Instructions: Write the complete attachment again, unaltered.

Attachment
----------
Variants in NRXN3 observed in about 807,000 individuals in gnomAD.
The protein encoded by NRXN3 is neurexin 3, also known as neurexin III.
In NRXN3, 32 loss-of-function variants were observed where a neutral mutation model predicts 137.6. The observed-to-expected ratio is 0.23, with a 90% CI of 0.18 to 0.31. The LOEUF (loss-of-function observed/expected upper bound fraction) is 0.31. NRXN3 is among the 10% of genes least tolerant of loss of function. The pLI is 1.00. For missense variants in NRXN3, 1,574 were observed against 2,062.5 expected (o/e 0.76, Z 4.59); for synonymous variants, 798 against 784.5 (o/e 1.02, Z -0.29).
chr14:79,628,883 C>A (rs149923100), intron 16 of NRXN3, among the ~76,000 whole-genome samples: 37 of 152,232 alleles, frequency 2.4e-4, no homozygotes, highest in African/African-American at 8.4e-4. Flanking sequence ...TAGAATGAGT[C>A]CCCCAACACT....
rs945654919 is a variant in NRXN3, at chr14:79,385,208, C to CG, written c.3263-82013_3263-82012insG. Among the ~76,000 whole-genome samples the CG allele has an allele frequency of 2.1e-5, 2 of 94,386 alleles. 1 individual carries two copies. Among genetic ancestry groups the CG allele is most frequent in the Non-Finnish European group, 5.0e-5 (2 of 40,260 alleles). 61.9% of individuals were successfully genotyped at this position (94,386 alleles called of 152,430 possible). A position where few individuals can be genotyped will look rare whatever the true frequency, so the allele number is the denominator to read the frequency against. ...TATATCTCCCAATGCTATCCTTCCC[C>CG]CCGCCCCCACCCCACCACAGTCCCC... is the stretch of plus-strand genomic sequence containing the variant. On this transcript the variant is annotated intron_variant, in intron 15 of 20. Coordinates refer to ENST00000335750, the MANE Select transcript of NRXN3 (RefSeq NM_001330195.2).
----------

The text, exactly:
Variants in NRXN3 observed in about 807,000 individuals in gnomAD.
The protein encoded by NRXN3 is neurexin 3, also known as neurexin III.
In NRXN3, 32 loss-of-function variants were observed where a neutral mutation model predicts 137.6. The observed-to-expected ratio is 0.23, with a 90% CI of 0.18 to 0.31. The LOEUF (loss-of-function observed/expected upper bound fraction) is 0.31. NRXN3 is among the 10% of genes least tolerant of loss of function. The pLI is 1.00. For missense variants in NRXN3, 1,574 were observed against 2,062.5 expected (o/e 0.76, Z 4.59); for synonymous variants, 798 against 784.5 (o/e 1.02, Z -0.29).
chr14:79,628,883 C>A (rs149923100), intron 16 of NRXN3, among the ~76,000 whole-genome samples: 37 of 152,232 alleles, frequency 2.4e-4, no homozygotes, highest in African/African-American at 8.4e-4. Flanking sequence ...TAGAATGAGT[C>A]CCCCAACACT....
rs945654919 is a variant in NRXN3, at chr14:79,385,208, C to CG, written c.3263-82013_3263-82012insG. Among the ~76,000 whole-genome samples the CG allele has an allele frequency of 2.1e-5, 2 of 94,386 alleles. 1 individual carries two copies. Among genetic ancestry groups the CG allele is most frequent in the Non-Finnish European group, 5.0e-5 (2 of 40,260 alleles). 61.9% of individuals were successfully genotyped at this position (94,386 alleles called of 152,430 possible). A position where few individuals can be genotyped will look rare whatever the true frequency, so the allele number is the denominator to read the frequency against. ...TATATCTCCCAATGCTATCCTTCCC[C>CG]CCGCCCCCACCCCACCACAGTCCCC... is the stretch of plus-strand genomic sequence containing the variant. On this transcript the variant is annotated intron_variant, in intron 15 of 20. Coordinates refer to ENST00000335750, the MANE Select transcript of NRXN3 (RefSeq NM_001330195.2).